The director of California's political watchdog agency is shelving her proposal to require bloggers to disclose payments they receive from political campaigns.
Chairwoman Ann Ravel of the Fair Political Practices Commission said she remains committed to holding public debate over mandatory disclosure with the hope that a plan could emerge in the future.
Meanwhile, Ravel said she wants to seek voluntary disclosure by bloggers for the November election, though she conceded, "I don't think there's going to be a large amount of voluntary disclosure."
To supplement voluntary disclosure, Ravel said she may ask the FPPC to consider requiring political candidates to publicize in a distinct format any money they pay to bloggers and provide a link to that information on their website.
Candidates already are required to disclose payments to bloggers as a campaign expenditure, but the information typically is contained in a long list of expenses and is easily overlooked by voters.
By contrast, mandatory disclosure would have created an entirely new category of disclosure, by bloggers themselves, that readers could have monitored on websites publishing their commentary or opinions.
Ravel's initial vow to seek mandatory disclosure, announced at an FPPC seminar last month, drew plenty of attention for targeting a medium known as a bastion of anything-goes free speech.
Ravel said today that backing off the mandatory disclosure plan was partly a response to opposition by bloggers and others who claim it could have a chilling effect on free speech or political discourse.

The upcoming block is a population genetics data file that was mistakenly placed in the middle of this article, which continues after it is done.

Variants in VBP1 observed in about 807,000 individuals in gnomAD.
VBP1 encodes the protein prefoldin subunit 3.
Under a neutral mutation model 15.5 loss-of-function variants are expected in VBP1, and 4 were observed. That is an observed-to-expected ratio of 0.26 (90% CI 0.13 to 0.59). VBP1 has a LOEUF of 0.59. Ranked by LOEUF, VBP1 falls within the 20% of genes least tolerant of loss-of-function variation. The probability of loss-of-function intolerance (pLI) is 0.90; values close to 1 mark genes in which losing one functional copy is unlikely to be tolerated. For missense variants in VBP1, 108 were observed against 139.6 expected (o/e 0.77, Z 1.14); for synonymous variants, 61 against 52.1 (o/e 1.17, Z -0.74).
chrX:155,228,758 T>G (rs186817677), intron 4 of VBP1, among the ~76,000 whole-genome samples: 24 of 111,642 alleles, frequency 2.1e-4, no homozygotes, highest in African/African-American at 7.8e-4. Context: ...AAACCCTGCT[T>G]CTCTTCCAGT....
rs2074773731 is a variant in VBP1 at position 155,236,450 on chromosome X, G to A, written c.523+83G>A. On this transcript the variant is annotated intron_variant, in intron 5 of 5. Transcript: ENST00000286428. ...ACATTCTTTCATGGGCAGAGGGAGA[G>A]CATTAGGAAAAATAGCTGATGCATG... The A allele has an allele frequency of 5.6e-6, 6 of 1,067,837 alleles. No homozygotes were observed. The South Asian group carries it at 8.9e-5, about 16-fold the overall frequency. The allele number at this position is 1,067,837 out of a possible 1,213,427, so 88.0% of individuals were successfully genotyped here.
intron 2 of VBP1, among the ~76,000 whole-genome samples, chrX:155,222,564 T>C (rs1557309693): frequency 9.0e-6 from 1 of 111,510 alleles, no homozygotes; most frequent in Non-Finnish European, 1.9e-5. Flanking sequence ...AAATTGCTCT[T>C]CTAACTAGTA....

"I haven't totally given up on the thought," Ravel said. "I think it may well be that after a lot of public input and discussion, it's still something that could occur."
Ravel characterized herself as shelving the mandatory plan, but not killing it.
Even if Ravel had sought a vote on mandatory disclosure, she was likely to find the issue controversial among the FPPC board.
Commissioner Ron Rotunda, for example, said last month that mandatory disclosure "raises a free speech issue." He also noted that an FPPC subcommittee had considered the issue in years past but opted not to pursue it.
Other critics say the issue of mandatory disclosure is very complex, for example:
Could a blogger evade disclosure by working for a consultant, not the campaign itself? What value should be reported for a hyperlink from one website to another? Would disclosure be required if a candidate responded to a favorable blog post by later buying advertising on the site?
Nonetheless, Kim Alexander, president of the California Voter Foundation, applauded the notion of mandatory disclosure last month.
"I think people should have the right to say whatever they want, in any format, on any platform, unless they're being paid by someone else to make those comments," she said. "And if that's happening, you need to identify who you are and who your donors are."